Ideally, patient-specific tumor motion trajectories would drive the phantom during the delivery of the planned radiation intensity map. Measurements with an array of detectors that offer sufficient spatial resolution can then assess the degree to which treatment plans are being delivered both precisely and accurately. Quality assurance tolerance limits can be enacted for each type of delivery, ranging from static radiotherapy to respiratory-gated or tracked radiotherapy. These limits greatly depend on what deviation is deemed to have a significantly negative impact on patient care. In general, complex respiratory motion-tracked and phase-optimized delivery requires tighter margins for error to avoid geographical misses and potential mistreatment that exceeds acceptable levels of normal tissue toxicity.
Will patient-specific quality assurance for motion managed and PET/CT-guided radiotherapy be ultimately conducted in anthropomorphic phantoms or through real-time dose reconstruction for each treatment fraction?
Image-guided treatment delivery
Daily image guidance is essential during delivery of motion-managed and PET/CT-guided radiotherapy of lung cancer. On-board imaging accounts for systematic variations in patient setup, tumor position and motion trajectory under static, gated, or motion-tracked delivery.
Static or gated radiotherapy delivery under active breathing control or abdominal compression relies on careful verification of tumor position and its residual motion envelope from respiratory motion-tracked cone-beam CT (CBCT). The goal is simply to ensure that the motion-suppressed target falls within the planning target volume (PTV) margins throughout the treatment course, shown for an example patient in Figure 4. In the case of gated radiotherapy under active breathing control, the radiation beam would be automatically turned on when the ABC spirometer valve is closed by the patient for a breath hold and turned off when the valve is opened for free breathing.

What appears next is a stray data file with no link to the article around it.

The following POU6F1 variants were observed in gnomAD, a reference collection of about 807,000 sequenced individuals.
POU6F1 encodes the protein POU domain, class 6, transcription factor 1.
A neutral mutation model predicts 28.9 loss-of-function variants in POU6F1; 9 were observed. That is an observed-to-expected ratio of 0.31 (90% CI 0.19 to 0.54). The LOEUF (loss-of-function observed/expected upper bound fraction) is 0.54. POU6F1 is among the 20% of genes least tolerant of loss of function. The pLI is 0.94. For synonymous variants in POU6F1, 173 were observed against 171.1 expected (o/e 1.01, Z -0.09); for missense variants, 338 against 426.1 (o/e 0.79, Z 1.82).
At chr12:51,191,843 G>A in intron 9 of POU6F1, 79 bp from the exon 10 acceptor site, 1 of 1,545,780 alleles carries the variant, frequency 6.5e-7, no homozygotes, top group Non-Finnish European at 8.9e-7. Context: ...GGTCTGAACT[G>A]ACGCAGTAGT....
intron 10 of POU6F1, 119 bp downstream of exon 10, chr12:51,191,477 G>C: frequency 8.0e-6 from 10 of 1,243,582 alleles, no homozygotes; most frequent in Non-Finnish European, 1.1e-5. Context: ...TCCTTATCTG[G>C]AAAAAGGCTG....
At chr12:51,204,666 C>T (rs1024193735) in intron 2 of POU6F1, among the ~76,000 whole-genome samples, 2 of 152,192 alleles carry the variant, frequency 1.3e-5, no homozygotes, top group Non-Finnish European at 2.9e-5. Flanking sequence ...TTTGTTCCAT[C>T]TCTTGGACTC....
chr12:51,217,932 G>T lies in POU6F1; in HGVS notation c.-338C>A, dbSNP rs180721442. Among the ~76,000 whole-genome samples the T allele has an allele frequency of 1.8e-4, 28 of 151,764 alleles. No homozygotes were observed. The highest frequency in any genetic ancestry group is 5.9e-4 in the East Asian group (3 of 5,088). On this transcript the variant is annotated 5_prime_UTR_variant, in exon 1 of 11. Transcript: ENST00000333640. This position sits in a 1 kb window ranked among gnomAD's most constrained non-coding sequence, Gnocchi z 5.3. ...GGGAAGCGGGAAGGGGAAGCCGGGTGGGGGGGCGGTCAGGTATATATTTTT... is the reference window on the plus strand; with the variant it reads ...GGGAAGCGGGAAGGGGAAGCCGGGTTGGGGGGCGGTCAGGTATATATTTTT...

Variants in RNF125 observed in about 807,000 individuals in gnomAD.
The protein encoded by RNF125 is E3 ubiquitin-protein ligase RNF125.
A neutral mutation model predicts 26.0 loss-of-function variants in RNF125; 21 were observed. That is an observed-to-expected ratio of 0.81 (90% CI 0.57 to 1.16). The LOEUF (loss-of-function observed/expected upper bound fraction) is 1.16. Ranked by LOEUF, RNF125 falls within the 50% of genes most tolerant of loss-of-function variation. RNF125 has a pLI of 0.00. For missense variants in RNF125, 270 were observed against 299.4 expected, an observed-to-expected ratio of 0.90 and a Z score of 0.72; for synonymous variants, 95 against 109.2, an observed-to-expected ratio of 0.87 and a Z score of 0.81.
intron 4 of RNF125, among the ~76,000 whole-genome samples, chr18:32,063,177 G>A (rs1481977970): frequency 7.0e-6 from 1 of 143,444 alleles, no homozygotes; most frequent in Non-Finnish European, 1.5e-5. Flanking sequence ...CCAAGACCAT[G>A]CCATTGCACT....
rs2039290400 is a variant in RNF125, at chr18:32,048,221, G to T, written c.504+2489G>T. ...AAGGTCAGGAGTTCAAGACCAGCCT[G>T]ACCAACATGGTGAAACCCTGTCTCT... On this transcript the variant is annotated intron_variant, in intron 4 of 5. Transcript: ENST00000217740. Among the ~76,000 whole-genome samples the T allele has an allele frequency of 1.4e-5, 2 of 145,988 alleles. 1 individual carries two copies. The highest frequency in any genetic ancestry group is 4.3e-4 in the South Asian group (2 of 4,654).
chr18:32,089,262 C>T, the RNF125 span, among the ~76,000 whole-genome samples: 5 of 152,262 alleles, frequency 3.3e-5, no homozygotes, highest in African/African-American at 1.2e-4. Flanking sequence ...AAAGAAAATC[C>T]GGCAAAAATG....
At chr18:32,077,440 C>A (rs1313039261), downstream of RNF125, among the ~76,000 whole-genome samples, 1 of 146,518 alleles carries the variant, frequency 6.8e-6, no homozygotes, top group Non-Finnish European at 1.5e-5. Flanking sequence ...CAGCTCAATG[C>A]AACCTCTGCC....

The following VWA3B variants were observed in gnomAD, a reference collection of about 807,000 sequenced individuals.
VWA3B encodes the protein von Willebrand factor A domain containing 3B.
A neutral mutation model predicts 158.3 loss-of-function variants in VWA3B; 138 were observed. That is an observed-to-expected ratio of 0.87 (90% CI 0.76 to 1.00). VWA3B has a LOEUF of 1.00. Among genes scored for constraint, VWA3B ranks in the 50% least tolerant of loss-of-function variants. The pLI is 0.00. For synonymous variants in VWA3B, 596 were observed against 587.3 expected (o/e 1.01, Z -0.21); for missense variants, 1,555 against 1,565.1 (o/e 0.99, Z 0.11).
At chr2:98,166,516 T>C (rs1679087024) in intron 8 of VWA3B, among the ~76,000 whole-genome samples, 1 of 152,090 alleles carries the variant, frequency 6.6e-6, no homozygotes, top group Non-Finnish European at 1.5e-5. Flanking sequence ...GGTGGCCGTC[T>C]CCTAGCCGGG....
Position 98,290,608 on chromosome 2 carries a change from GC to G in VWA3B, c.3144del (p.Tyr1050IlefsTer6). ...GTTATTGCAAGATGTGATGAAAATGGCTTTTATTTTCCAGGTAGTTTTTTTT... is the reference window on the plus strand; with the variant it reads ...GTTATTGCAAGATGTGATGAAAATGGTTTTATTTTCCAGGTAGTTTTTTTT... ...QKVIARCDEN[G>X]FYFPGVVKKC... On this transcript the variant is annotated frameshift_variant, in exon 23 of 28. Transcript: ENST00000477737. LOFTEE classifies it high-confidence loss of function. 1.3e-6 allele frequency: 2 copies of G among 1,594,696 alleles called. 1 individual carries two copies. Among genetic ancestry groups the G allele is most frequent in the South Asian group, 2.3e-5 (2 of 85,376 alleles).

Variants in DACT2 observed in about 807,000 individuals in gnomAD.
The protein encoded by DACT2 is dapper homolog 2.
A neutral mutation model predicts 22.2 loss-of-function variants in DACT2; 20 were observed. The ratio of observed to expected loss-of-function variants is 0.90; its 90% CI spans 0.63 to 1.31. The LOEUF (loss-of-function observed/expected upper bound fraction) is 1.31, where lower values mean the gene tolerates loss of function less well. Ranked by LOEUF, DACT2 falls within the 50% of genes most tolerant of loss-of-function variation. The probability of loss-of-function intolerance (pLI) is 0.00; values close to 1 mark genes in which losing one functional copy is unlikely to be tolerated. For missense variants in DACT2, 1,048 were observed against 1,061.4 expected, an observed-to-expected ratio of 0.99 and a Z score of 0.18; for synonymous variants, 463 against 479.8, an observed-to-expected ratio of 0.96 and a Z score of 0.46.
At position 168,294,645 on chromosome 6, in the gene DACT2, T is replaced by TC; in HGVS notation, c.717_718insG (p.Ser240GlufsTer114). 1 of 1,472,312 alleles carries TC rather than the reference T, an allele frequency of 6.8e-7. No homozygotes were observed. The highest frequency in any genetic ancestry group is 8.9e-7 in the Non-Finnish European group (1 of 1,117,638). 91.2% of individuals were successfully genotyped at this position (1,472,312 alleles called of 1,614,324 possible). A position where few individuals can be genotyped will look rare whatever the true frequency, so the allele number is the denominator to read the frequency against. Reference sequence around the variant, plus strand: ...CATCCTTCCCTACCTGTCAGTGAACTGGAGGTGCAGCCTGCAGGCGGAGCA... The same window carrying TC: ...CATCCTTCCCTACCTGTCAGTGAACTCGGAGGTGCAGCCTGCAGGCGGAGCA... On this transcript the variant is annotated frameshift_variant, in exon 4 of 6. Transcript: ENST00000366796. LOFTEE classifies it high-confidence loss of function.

Respiratory-gated radiotherapy delivery with external respiratory motion surrogates involves a less direct procedure. For example, the daily RPM-defined gated delivery window needs to be matched to the original RPM-defined gated PET/CT imaging window. The gated delivery window would then be verified independently against a respiratory motion-tracked CBCT-defined, so that the internal tumor position falls within the motion-compensated target volume throughout the treatment course. As with any gated delivery, the radiation beam on/off position would be coupled to the RPM system that controls when the respiratory state resides within the gating window.
Respiratory motion-tracked radiotherapy delivery across all respiratory states requires precise tracking of internal fiducials or external respiratory surrogates. The external motion trajectory of these surrogates must correlate to the internal tumor motion trajectory on a per-patient basis at the time of delivery. Under predictive couch tracking of respiratory motion, the time-dependent tumor position as measured by respiratory motion-tracked CBCT must be fixed from the beam’s eye view and fall within the motion-compensated PTV margins. Under predictive multileaf collimator beam tracking of tumor motion, the CBCT-defined tumor trajectory must correlate to the motion-adaptive set of PTVs over all breathing phases.